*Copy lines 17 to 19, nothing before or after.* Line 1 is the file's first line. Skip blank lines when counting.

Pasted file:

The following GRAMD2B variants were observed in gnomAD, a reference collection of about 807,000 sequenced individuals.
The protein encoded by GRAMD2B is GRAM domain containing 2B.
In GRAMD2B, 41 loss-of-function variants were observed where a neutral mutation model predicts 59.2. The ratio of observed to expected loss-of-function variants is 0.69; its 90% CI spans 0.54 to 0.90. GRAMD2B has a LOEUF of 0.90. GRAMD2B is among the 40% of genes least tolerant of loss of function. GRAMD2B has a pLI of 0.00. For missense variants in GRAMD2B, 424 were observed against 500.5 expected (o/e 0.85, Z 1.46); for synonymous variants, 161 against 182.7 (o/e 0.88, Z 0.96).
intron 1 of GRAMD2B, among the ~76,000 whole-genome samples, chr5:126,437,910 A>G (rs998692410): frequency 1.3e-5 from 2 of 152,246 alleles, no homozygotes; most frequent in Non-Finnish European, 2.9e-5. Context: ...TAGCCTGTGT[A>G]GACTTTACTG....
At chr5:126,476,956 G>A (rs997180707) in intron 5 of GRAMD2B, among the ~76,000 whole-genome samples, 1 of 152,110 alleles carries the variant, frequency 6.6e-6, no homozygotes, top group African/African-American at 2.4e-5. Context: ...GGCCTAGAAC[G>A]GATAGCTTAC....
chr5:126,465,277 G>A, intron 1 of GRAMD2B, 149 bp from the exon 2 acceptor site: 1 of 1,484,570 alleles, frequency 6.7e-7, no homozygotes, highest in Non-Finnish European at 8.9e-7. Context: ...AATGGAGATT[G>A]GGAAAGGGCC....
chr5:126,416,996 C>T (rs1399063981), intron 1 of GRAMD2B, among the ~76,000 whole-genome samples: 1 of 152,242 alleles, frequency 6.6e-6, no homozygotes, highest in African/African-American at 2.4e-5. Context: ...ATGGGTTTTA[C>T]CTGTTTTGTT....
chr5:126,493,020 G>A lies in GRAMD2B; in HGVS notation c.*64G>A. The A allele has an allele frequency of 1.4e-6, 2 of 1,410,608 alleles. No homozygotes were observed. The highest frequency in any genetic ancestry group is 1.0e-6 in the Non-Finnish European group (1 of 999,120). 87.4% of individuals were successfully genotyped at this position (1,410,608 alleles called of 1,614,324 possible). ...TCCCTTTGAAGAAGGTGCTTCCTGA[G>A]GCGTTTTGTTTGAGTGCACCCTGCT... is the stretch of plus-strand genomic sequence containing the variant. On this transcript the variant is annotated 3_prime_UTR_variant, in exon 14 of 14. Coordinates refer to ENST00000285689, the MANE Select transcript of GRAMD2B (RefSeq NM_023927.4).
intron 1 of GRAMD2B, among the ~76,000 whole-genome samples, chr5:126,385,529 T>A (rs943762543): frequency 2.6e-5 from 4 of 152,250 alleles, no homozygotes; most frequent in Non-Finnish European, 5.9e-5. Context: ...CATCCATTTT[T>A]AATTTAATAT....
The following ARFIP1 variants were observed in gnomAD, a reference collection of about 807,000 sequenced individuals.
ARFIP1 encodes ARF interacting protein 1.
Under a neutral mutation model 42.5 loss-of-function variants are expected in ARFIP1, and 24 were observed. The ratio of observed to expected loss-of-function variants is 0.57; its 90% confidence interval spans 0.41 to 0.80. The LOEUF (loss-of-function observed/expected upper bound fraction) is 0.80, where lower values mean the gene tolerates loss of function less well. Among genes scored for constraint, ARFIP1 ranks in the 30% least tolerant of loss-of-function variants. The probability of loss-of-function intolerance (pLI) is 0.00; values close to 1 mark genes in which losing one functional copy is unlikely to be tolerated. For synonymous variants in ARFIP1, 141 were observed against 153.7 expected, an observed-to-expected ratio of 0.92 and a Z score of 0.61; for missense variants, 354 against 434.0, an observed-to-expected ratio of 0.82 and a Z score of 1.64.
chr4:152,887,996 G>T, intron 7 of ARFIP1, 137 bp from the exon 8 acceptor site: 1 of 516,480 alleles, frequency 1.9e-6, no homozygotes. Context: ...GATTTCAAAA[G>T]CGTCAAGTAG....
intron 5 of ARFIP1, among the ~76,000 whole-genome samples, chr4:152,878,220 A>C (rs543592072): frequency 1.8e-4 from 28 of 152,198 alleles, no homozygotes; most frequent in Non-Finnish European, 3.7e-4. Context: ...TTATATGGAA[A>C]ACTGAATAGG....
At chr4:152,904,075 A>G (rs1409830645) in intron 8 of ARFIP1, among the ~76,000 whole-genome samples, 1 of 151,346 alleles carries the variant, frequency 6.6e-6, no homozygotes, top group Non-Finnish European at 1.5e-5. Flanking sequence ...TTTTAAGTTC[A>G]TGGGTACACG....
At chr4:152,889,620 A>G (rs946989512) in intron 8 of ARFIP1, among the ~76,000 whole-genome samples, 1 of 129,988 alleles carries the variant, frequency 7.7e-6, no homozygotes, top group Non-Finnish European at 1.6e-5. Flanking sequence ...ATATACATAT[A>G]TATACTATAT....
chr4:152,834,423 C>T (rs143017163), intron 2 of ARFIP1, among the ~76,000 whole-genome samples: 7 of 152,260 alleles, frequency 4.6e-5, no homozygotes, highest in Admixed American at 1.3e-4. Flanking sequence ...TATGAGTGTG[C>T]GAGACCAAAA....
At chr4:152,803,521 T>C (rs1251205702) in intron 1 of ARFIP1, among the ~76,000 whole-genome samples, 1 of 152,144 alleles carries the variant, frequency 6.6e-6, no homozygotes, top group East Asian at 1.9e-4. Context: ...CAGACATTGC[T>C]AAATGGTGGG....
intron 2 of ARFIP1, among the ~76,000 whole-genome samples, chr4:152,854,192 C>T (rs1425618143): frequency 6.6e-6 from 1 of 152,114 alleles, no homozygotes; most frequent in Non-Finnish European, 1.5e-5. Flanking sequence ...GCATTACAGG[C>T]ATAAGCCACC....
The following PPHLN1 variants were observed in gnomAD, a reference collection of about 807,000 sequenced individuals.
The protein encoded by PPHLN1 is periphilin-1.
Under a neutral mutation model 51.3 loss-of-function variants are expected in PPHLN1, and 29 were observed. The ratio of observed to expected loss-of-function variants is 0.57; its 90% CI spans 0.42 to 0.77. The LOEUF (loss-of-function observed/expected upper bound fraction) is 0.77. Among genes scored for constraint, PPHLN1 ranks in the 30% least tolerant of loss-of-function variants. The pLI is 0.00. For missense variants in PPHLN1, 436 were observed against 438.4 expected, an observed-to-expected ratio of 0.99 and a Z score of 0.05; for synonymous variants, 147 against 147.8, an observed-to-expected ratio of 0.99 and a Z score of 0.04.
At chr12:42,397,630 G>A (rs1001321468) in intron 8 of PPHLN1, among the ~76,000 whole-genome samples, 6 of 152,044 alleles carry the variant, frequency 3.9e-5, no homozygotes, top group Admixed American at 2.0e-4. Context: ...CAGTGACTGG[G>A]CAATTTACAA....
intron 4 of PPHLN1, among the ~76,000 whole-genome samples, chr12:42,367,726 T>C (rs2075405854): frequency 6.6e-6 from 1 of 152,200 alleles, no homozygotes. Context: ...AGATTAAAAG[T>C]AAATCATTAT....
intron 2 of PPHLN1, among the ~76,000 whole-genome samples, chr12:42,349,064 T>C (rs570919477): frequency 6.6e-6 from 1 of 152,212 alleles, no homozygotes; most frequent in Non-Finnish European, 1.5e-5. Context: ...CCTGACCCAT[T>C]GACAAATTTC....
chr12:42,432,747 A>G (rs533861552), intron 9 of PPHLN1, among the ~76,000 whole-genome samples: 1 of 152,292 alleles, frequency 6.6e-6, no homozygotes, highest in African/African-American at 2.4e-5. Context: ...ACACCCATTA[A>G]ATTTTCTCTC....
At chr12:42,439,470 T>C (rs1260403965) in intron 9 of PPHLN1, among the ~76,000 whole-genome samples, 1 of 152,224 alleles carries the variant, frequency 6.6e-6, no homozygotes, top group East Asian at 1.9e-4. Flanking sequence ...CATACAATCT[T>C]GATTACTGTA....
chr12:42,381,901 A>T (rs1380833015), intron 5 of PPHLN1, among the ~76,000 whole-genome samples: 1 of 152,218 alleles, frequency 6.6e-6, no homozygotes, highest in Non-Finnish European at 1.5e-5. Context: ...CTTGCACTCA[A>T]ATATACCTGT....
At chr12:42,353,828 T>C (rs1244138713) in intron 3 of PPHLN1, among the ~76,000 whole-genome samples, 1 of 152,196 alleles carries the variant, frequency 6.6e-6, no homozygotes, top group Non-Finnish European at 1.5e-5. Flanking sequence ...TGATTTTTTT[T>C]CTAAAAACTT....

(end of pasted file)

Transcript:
chr4:152,834,423 C>T (rs143017163), intron 2 of ARFIP1, among the ~76,000 whole-genome samples: 7 of 152,260 alleles, frequency 4.6e-5, no homozygotes, highest in Admixed American at 1.3e-4. Flanking sequence ...TATGAGTGTG[C>T]GAGACCAAAA....
At chr4:152,803,521 T>C (rs1251205702) in intron 1 of ARFIP1, among the ~76,000 whole-genome samples, 1 of 152,144 alleles carries the variant, frequency 6.6e-6, no homozygotes, top group East Asian at 1.9e-4. Context: ...CAGACATTGC[T>C]AAATGGTGGG....
intron 2 of ARFIP1, among the ~76,000 whole-genome samples, chr4:152,854,192 C>T (rs1425618143): frequency 6.6e-6 from 1 of 152,114 alleles, no homozygotes; most frequent in Non-Finnish European, 1.5e-5. Flanking sequence ...GCATTACAGG[C>T]ATAAGCCACC....